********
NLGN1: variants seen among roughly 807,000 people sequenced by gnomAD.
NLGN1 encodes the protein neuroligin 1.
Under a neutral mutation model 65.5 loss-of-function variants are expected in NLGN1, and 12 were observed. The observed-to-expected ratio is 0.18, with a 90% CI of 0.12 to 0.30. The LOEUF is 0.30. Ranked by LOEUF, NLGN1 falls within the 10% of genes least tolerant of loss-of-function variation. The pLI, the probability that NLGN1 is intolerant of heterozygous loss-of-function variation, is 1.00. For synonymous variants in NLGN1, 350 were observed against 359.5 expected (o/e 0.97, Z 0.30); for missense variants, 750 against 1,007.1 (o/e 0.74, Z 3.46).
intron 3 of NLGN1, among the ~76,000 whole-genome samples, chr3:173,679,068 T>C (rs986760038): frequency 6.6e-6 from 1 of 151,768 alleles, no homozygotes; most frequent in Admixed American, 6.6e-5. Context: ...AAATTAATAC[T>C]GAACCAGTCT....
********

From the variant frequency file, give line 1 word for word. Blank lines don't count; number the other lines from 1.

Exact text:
NLGN1: variants seen among roughly 807,000 people sequenced by gnomAD.